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The Kung, Wogeo, Huichol, and Sherpas differ significantly in their social organization. Use the ethnographies Boiling Energy, S - Essay Example

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Name Institution Course Instructor Date Analysis of Different Ethnographies That Depict How Social Organization Affects Religious Life Introduction The world is full of different cultures that deal with spiritual and social aspects in vast ways. This means that different people handle different spirituality, cosmology and culture in different ways, which eventually determine the way they respond to community gatherings, religion and medicine…
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The Kung, Wogeo, Huichol, and Sherpas differ significantly in their social organization. Use the ethnographies Boiling Energy, S
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Extract of sample "The Kung, Wogeo, Huichol, and Sherpas differ significantly in their social organization. Use the ethnographies Boiling Energy, S"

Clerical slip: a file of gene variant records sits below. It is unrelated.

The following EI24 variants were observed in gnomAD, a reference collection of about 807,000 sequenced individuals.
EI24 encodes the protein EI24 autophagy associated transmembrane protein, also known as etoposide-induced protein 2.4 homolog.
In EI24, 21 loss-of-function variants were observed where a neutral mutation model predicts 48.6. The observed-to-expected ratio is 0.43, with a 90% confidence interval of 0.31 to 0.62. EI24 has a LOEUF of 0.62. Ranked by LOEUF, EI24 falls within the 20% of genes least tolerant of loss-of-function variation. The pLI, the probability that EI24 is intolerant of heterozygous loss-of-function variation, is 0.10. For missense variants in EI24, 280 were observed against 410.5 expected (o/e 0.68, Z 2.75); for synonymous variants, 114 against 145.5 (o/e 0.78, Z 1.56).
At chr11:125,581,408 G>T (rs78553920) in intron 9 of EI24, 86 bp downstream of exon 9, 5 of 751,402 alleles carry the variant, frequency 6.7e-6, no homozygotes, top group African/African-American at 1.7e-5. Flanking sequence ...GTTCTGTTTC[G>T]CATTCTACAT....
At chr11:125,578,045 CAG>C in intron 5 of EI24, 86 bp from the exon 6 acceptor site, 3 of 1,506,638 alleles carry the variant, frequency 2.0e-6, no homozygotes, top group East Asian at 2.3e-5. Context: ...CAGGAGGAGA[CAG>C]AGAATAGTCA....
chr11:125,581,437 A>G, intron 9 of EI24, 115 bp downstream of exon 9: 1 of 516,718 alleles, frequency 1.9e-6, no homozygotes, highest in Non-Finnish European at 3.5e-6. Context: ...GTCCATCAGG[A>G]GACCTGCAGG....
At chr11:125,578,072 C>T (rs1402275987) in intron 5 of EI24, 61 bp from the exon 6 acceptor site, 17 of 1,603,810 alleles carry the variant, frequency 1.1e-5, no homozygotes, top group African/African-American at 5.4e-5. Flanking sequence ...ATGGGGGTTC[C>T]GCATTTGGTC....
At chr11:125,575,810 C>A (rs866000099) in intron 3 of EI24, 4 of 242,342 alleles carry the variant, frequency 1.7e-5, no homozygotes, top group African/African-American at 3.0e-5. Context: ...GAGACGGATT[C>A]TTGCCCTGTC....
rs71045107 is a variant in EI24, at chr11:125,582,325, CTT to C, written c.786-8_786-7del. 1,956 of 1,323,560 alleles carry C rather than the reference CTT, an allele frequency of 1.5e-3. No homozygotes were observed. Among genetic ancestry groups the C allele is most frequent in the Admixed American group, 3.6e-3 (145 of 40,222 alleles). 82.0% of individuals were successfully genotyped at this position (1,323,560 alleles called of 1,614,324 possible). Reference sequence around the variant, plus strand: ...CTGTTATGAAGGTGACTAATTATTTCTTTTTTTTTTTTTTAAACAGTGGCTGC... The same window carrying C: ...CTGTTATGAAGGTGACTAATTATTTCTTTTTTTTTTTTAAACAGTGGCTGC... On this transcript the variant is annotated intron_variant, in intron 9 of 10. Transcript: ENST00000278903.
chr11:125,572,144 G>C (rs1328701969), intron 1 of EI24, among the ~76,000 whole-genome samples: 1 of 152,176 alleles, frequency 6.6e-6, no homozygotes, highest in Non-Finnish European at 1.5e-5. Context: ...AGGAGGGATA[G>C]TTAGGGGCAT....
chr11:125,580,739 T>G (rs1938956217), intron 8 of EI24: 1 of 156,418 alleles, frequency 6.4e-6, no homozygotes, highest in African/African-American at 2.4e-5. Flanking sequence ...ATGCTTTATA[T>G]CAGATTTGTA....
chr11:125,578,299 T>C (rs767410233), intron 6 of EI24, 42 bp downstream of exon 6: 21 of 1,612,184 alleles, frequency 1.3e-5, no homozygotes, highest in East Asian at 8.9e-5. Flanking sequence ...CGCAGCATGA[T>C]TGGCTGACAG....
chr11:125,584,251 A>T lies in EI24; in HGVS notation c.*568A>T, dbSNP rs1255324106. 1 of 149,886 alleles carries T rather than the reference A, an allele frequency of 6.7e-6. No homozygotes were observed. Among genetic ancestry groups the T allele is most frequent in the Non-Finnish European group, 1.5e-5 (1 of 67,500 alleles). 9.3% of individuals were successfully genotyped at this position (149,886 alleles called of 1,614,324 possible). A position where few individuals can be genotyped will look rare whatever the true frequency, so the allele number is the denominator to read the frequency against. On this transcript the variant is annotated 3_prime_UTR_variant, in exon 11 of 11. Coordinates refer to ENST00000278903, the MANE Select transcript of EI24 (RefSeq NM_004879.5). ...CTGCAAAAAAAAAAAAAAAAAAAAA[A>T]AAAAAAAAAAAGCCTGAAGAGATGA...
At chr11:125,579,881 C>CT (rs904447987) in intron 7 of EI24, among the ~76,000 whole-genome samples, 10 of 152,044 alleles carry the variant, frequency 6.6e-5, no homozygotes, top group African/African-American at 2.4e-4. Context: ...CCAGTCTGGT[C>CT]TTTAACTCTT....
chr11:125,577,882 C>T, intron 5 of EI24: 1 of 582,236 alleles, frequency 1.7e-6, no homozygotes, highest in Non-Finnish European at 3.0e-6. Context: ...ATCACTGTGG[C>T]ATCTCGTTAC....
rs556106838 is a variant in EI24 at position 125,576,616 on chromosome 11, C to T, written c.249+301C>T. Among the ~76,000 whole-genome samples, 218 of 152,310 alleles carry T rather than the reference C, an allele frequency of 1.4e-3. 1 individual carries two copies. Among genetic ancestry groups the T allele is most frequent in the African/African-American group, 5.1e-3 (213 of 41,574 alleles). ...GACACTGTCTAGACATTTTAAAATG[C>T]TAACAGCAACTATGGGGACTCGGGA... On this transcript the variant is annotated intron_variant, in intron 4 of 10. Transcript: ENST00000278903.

Download file to see previous pages However, these cultural practices differ from vast people in other parts of the world as depicted by four ethnographies derived from diverse parts of the world. Analysis The fact that different individuals in the world have their own practices is depicted by Richard Katz in his ethnography “The Kung - Boiling energy”. In the book, the author outlines the cultural and spiritual way of life practiced by the Kung people in the Kalahari desert in South Africa. One major captivating aspect that the book reveals concerning culture and spirituality is Kung’s unique dance that seems to provide the focal point because anthropologists consider it as a primary ritual that encompasses and expresses cosmology, medicine and religion in a simultaneous manner. The healing dance as it is commonly known is practiced at specific periods of the time of the year and amazingly, everyone in the community participates because these people believe that each one of them has a “sickness” on one way or the other (Katz 332). In this regard, the Kung people believe that illnesses could be physical, emotional or even spiritual and the healing dance simultaneously heals all illnesses irrespective of the sickness nature. Therefore, the healing dance contains much more than just healing because it helps individuals release tension and energy that eventually transform people’s inner feelings. On a general perspective, the healing dance represents the spirituality of the Kung people because after the dance these individuals feel nourished, rejuvenated and reborn just like an individual from the west would feel after seeking spiritual intervention from a church (Katz 332). Therefore, the healing dance greatly affects the religious life of the people of Kung. Another ethnography depicting a different social organization is Barbara G. Myerhoff in her book “Peyote Hunt”. The ethnography is a story of a Native American ethnic group from western central Mexico, whose culture and spirituality is signified by its ancient practices. Though the book encompasses vast research findings from other sources, the author brings out the Huichol’s religion and culture through personal experience. Ideally, the Huichol people practices vast rituals that involve weeping, singing and contacting the ancestral spirits. Among its numerous practices, the Huichol’s practice a ritual of deer hunting because they believe that deer meat is a source of nourishment due to the magic power that the meat contains. Prior to the magical meat granted by the deer, the hunting experience provides a deep spiritual connection and fulfillment because it brings together people and all creatures (Myerhoff 16). In addition, the Huichol people also adore the maize because they believe that it fosters morality and emotions in their own way of understanding. Though the interrelationship between the Huichol’s and the maize is weird they claim that maize is their life and they greatly interconnect. Generally, the deer-maize-peyote complex is the way of life that determines Huichol’s cultural and religious life because it helps them refresh their inner personality emotionally, physically and spiritually by hunting the Peyote, eating its meat and exercising the maize ritual (Myerhoff 16). On a different perspective, Ian Hogbin chips in with his ...Download file to see next pagesRead More
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